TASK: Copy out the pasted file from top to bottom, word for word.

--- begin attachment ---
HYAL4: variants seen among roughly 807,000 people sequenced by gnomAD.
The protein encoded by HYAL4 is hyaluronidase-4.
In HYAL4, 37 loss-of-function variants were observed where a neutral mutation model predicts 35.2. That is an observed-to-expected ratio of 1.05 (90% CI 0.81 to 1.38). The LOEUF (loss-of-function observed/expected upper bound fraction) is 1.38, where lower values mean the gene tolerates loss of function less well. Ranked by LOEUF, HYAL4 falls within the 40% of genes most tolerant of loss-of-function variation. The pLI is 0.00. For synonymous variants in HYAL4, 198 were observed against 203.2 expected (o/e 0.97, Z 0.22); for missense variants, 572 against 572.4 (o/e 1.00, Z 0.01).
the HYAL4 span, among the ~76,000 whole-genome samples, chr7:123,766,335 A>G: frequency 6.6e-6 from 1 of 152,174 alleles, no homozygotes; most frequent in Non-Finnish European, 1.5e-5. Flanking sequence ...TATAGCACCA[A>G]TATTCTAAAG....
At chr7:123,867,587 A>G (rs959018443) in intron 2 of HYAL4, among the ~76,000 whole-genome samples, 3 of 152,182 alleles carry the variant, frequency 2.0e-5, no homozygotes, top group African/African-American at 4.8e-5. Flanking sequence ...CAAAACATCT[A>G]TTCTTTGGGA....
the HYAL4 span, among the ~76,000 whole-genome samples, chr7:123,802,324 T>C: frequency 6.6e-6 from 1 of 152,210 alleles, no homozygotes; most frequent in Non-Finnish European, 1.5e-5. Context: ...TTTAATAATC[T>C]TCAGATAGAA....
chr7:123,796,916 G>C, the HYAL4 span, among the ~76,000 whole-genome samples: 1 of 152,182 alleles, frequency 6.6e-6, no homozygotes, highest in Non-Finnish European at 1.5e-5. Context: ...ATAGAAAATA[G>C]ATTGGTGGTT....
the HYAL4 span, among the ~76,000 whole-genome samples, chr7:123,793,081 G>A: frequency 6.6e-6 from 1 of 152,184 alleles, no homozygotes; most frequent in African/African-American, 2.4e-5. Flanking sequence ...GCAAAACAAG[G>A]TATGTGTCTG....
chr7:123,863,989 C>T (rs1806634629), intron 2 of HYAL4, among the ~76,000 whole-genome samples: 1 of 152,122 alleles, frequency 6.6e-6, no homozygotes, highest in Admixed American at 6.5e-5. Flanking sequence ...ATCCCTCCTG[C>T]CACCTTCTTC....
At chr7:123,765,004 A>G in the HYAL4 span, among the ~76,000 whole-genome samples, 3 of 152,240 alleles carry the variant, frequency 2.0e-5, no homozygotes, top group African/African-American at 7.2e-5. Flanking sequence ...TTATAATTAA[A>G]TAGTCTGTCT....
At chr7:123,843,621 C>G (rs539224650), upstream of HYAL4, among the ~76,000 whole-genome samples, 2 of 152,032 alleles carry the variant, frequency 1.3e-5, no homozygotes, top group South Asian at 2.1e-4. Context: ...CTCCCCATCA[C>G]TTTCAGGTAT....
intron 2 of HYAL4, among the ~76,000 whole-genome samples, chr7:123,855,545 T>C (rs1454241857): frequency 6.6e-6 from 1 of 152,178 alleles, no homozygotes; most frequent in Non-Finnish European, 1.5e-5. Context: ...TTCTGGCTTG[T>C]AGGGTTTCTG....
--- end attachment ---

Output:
HYAL4: variants seen among roughly 807,000 people sequenced by gnomAD.
The protein encoded by HYAL4 is hyaluronidase-4.
In HYAL4, 37 loss-of-function variants were observed where a neutral mutation model predicts 35.2. That is an observed-to-expected ratio of 1.05 (90% CI 0.81 to 1.38). The LOEUF (loss-of-function observed/expected upper bound fraction) is 1.38, where lower values mean the gene tolerates loss of function less well. Ranked by LOEUF, HYAL4 falls within the 40% of genes most tolerant of loss-of-function variation. The pLI is 0.00. For synonymous variants in HYAL4, 198 were observed against 203.2 expected (o/e 0.97, Z 0.22); for missense variants, 572 against 572.4 (o/e 1.00, Z 0.01).
the HYAL4 span, among the ~76,000 whole-genome samples, chr7:123,766,335 A>G: frequency 6.6e-6 from 1 of 152,174 alleles, no homozygotes; most frequent in Non-Finnish European, 1.5e-5. Flanking sequence ...TATAGCACCA[A>G]TATTCTAAAG....
At chr7:123,867,587 A>G (rs959018443) in intron 2 of HYAL4, among the ~76,000 whole-genome samples, 3 of 152,182 alleles carry the variant, frequency 2.0e-5, no homozygotes, top group African/African-American at 4.8e-5. Flanking sequence ...CAAAACATCT[A>G]TTCTTTGGGA....
the HYAL4 span, among the ~76,000 whole-genome samples, chr7:123,802,324 T>C: frequency 6.6e-6 from 1 of 152,210 alleles, no homozygotes; most frequent in Non-Finnish European, 1.5e-5. Context: ...TTTAATAATC[T>C]TCAGATAGAA....
chr7:123,796,916 G>C, the HYAL4 span, among the ~76,000 whole-genome samples: 1 of 152,182 alleles, frequency 6.6e-6, no homozygotes, highest in Non-Finnish European at 1.5e-5. Context: ...ATAGAAAATA[G>C]ATTGGTGGTT....
the HYAL4 span, among the ~76,000 whole-genome samples, chr7:123,793,081 G>A: frequency 6.6e-6 from 1 of 152,184 alleles, no homozygotes; most frequent in African/African-American, 2.4e-5. Flanking sequence ...GCAAAACAAG[G>A]TATGTGTCTG....
chr7:123,863,989 C>T (rs1806634629), intron 2 of HYAL4, among the ~76,000 whole-genome samples: 1 of 152,122 alleles, frequency 6.6e-6, no homozygotes, highest in Admixed American at 6.5e-5. Flanking sequence ...ATCCCTCCTG[C>T]CACCTTCTTC....
At chr7:123,765,004 A>G in the HYAL4 span, among the ~76,000 whole-genome samples, 3 of 152,240 alleles carry the variant, frequency 2.0e-5, no homozygotes, top group African/African-American at 7.2e-5. Flanking sequence ...TTATAATTAA[A>G]TAGTCTGTCT....
At chr7:123,843,621 C>G (rs539224650), upstream of HYAL4, among the ~76,000 whole-genome samples, 2 of 152,032 alleles carry the variant, frequency 1.3e-5, no homozygotes, top group South Asian at 2.1e-4. Context: ...CTCCCCATCA[C>G]TTTCAGGTAT....
intron 2 of HYAL4, among the ~76,000 whole-genome samples, chr7:123,855,545 T>C (rs1454241857): frequency 6.6e-6 from 1 of 152,178 alleles, no homozygotes; most frequent in Non-Finnish European, 1.5e-5. Context: ...TTCTGGCTTG[T>C]AGGGTTTCTG....